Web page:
WASHINGTON -- Activists across the country are working this week to mobilize local communities in support of a constitutional amendment to overturn the Supreme Court's 2010 decision in Citizens United v. Federal Election Commission and kick money out of politics.
It's all part of a campaign by Public Citizen (and its Democracy Is For People project), Move to Amend, multiple other reform groups and several elected officials. The campaign labeled the week of June 11 as Resolutions Week, during which local organizers are holding events to increase public awareness and put pressure on local, city and state governments to pass resolutions calling for a constitutional amendment.
"[We wanted to] catalyze the groundswell of local organizing around a constitutional amendment on Citizens United," said Mark Hays, campaign coordinator for Democracy Is For People. "The first thing that came up was that people in their own communities wanted to speak up and speak out in their own communities."
The much-criticized Citizens United decision freed corporations and unions to spend freely on independent political efforts, and a subsequent lower court decision, SpeechNow.org v. FEC, freed individuals to contribute unlimited amounts to independent groups now known as super PACs. Independent electoral spending has exploded since the decision and in some cases, including some states during the Republican presidential primary, exceeded the spending of the actual candidates.
Resolutions Week looks to build on the success that groups like Public Citizen and local activists have already had in urging measures in favor of an amendment.
That effort has produced 219 resolutions at the local level in Arizona, California, Connecticut, Hawaii, Vermont and elsewhere. At the state level, legislatures in Hawaii, Maryland, New Mexico, Rhode Island and Vermont have passed resolutions calling for an amendment to get money out of politics. California's state legislature is expected to pass a resolution soon, which would make California the sixth state to officially endorse a constitutional amendment.
Much of this campaign has been driven by local leaders concerned about the exponential rise in the amount of money being spent on elections at all levels.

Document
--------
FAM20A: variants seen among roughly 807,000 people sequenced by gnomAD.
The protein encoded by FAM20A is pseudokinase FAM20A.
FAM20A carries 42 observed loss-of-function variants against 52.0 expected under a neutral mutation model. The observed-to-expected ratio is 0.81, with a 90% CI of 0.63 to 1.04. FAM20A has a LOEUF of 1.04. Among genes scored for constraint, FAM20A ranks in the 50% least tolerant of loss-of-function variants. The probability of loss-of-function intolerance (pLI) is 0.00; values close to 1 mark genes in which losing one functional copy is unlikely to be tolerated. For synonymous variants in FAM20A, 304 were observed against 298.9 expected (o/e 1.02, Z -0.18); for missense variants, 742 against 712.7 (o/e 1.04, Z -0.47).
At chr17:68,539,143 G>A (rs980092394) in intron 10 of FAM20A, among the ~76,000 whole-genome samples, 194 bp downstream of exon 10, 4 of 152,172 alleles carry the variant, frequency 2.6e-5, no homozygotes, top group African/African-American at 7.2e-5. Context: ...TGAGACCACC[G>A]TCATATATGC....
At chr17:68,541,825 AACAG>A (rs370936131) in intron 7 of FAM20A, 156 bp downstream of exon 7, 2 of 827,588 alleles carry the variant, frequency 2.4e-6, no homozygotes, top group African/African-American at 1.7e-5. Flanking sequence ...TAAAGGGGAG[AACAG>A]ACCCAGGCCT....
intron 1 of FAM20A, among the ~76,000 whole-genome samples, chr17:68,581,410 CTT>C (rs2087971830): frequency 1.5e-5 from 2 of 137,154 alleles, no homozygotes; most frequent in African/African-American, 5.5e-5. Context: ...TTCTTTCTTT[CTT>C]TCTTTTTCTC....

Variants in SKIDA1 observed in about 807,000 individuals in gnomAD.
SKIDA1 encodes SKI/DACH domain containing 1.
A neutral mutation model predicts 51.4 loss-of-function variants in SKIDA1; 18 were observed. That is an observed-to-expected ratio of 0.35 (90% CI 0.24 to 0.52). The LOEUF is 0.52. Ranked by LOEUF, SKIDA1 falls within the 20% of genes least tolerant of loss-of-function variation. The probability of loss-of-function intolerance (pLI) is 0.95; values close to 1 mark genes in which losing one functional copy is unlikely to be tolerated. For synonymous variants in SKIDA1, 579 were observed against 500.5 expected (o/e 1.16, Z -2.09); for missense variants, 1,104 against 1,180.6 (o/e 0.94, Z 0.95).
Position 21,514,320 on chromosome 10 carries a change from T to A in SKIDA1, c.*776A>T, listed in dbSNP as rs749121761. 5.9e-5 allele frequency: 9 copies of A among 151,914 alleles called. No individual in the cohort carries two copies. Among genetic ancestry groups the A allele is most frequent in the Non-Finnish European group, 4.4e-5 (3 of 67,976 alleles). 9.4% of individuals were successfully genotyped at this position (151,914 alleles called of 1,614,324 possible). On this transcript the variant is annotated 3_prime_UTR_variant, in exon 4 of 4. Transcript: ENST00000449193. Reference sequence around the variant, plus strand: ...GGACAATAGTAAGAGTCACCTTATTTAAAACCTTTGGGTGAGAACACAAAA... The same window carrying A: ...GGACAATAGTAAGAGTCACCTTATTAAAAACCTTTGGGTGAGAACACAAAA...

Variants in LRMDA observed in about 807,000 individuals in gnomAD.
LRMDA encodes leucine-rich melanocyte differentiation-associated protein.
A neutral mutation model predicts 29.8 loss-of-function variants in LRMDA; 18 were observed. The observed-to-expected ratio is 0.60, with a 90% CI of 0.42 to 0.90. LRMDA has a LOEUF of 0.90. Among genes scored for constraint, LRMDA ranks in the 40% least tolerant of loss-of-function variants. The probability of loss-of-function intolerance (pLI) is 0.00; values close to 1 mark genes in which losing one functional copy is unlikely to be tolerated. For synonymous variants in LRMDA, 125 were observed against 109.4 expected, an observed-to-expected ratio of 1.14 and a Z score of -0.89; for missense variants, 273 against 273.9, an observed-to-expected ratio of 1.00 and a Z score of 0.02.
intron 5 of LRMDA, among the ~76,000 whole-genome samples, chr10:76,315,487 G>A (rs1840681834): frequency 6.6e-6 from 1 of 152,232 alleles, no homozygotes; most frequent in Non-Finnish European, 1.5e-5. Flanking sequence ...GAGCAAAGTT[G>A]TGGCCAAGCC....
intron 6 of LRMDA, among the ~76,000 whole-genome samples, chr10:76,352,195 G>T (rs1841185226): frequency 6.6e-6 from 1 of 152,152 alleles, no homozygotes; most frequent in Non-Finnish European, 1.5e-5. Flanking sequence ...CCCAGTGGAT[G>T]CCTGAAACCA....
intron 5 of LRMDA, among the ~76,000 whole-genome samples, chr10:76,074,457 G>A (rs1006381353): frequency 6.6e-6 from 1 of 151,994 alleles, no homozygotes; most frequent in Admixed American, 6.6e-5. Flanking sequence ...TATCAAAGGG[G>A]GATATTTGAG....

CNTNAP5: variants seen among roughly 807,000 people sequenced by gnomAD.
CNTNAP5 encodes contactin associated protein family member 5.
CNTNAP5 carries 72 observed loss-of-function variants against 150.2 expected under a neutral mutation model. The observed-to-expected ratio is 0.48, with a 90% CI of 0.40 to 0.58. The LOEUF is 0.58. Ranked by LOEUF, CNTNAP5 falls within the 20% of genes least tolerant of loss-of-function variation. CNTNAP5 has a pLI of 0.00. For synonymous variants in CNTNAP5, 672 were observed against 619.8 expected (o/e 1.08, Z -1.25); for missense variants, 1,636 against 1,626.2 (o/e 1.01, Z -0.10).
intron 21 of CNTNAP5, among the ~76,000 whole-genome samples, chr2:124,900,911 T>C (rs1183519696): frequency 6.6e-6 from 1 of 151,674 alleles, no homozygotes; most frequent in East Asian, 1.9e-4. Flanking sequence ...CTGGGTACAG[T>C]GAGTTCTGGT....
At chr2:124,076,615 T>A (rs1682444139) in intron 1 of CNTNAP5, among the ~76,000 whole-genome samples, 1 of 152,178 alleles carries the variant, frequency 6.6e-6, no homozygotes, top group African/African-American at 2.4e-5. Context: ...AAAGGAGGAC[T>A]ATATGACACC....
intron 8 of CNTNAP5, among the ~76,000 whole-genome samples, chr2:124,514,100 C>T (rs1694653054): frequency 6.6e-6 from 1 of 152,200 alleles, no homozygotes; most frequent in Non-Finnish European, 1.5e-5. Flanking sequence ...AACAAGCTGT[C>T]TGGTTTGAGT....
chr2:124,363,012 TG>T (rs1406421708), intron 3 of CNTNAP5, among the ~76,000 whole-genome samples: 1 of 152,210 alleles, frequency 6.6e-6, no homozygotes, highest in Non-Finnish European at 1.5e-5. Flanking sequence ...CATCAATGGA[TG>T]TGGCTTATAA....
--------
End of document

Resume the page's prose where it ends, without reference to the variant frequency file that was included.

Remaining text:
In Wichita, Kan., dietician Jane Byrnes is a chief organizer for what she calls a "ragtag group of interested citizens" who are holding an event for Resolutions Week on Thursday. Byrnes said her goal is to educate Wichitans and the city council about the issue. "I think people of all ages and occupations and all political persuasions need to be alerted to the fact that our democracy isn't what it was even six months ago," she added.
Byrnes said that her effort, which began two and a half months ago, seeks to make politicians listen to the "people who have hearts and moms and children, instead of corporations whose only marching orders is to get more profits for themselves."
Bar Harbor, Maine, activist Gary Friedmann has worked to pass two amendment resolutions in eastern Maine and is now trying to take that activism statewide.
"We've got maybe 15 or 20 towns," Friedmann explained. "Portland, Bangor and Waterville have joined smaller towns like ours in eastern Maine. We could see another couple towns in the next couple months sign on to this resolution. Then we'd like to take it to the state level and have our legislature sign on to our resolution."
Friedmann, like many other local activists, is worried about the flood of outside money, from super PACs and other groups, that has become the hallmark of the 2012 presidential election.
"We're seeing the impacts of this not only in elections for Congress and the president, but here in Maine we've had super PACs coming in and injecting lopsided funds into state Senate races two years ago, and I'm even concerned that that could impact state House races," Friedmann says. "We want to get this money out of politics."
Ultimately, the goal of all this local activism to build the capacity to take the issue of a constitutional amendment to Congress.
"In the short term, we hope that this creates the networks and infrastructure that we and our partners will need to pursue our long-term effort to pass a constitutional amendment," Public Citizen's Hays said. "At some point, members of Congress are going to need to respond to this groundswell of support for an amendment."
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